In the early 1990s, the country moved through intense political protest and international political pressure into a peaceable – though contentious – conversion to a democratic nation. Meeting of Two Cultures (1993), a linocut by Sandile Goje, summarizes the spirit of reconciliation that characterized this period. The image shows two biomorphic homes shaking hands: the structure on the left is in the style of the Xhosa people (who were the original inhabitants of the area), at right is a home characteristic of the European ruling class. The linocut section of the exhibition also includes recent prints of stunning technical achievement by William Kentridge, Vuyile C. Voyiya, Cameron Platter, and others. These are less intensely political in their subject matter, though still grounded in the recent history of the nation.
This week I’d like to share a quick update on some recent Art21 Education news and highlights ….
First of all, we are all set to announce our new group of Art21 Educators for this summer. Sixteen teachers from all over the country will join us in New York City from July 6-13 and then embark on what has been described as an intense, year-long professional development initiative. Stay tuned for a full report and some introductions to our new teachers right here on the blog! It should also be mentioned that our current group of Art21 Educators from this past year are busy teaching units of study they developed last summer and sharing their progress with the entire group in monthly online meetings. Very exciting and inspiring stuff!
Last week from April 19-21 I was honored to serve as the Artist-Educator in Residence at Massachusetts College of Art and Design. During the visit I got the opportunity to sit in on some exceptional classes, meet several students during informal studio visits, and even take part in a faculty meeting for the Art Education department before presenting a two-hour workshop on facilitating discussion using Art21 films.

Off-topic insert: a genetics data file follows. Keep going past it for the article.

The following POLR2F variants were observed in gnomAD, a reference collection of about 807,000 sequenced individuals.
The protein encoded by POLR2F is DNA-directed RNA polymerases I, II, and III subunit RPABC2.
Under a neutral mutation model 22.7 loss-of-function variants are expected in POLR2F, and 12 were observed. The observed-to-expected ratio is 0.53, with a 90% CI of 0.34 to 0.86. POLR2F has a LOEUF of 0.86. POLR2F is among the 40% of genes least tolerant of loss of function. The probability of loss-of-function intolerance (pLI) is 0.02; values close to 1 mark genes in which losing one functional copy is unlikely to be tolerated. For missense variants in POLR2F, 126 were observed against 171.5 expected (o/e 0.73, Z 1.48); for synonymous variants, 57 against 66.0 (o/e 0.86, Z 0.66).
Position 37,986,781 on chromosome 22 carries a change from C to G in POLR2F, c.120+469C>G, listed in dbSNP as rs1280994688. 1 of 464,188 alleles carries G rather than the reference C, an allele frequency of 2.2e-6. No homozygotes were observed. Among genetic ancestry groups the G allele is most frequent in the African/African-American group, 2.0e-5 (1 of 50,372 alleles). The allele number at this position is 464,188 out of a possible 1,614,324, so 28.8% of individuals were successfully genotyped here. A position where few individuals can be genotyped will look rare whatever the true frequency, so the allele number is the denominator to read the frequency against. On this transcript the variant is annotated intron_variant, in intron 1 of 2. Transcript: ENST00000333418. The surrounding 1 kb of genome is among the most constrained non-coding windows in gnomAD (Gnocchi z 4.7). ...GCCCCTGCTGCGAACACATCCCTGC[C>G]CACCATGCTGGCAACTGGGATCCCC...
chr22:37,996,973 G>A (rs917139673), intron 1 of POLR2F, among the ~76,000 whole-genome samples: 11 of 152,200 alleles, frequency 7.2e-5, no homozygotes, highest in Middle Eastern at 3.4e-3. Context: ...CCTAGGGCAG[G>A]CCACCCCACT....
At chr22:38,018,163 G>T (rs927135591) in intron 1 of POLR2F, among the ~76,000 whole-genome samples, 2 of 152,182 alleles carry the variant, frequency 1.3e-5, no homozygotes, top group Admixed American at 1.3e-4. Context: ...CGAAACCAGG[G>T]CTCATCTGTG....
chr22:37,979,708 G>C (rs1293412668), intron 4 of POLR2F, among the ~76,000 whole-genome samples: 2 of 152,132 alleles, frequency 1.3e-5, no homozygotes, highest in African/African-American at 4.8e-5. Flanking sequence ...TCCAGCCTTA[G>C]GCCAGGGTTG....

Art21 recently partnered with the Jacob Burns Film Center’s Media Arts Lab to offer a two-part workshop series incorporating our new film, William Kentridge: Anything Is Possible. The second workshop, scheduled for June 4 at the Media Arts Lab, will also include a small exhibit featuring student works inspired by the film.
Art21 is honored to be among the recipients of the 70th Annual Peabody Awards—the premiere international prize in electronic media—for its film, William Kentridge: Anything Is Possible.
The Peabody board recognized William Kentridge: Anything Is Possible as “a veritable all-access pass to [William Kentridge's] mind and work process” given to Art21 by an artist whom they describe as “creativity personified” and “a one-man seminar.”
“The Peabody Awards were established with deep respect for the critical role played by electronic media in contemporary society and culture,” said Horace Newcomb, director of the Peabody Awards. “The annual announcement of the recipients continues in that spirit to recognize work that sets the highest standards for the media industries.”
Visit the Peabody Awards site for the full list of this year’s recipients.
This is the second Peabody award for Art21. The non-profit organization received its first Peabody award for the fourth season (2007) of the biennial PBS television series, Art in the Twenty-First Century. To date, Art21 has produced five seasons of the Art in the Twenty-First Century series, featuring 86 artists in total. Art21 is currently in production for the sixth season of the series, tentatively scheduled to premiere in Spring 2012.
William Kentridge: Anything Is Possible is currently available for purchase on DVD through ShopPBS and other retailers. The film is also available to watch instantly through your browser at PBS Video and on the film site, as well as through the PBS Mobile app available for iOS-powered devices.
The Art21 Education and Public Programs team is flying to Seattle this Thursday for the annual National Art Education Association conference March 17-20. We will be bringing season 4 artist Mark Dion and, um… serving lemonade! Join us for one or more of the events below:
Friday, March 18th:
8:30– 10:00am – Mark Dion Keynote Address
10:00-11:30am – NAEA Film Salon featuring William Kentridge: Anything is Possible
11:00am-1:00pm – Art21 in Context- An Off-Site Workshop at the Seattle Art Museum
2:00-4:00pm- Art21 Lemonade Stand w/ Mark Dion
Saturday, March 19th: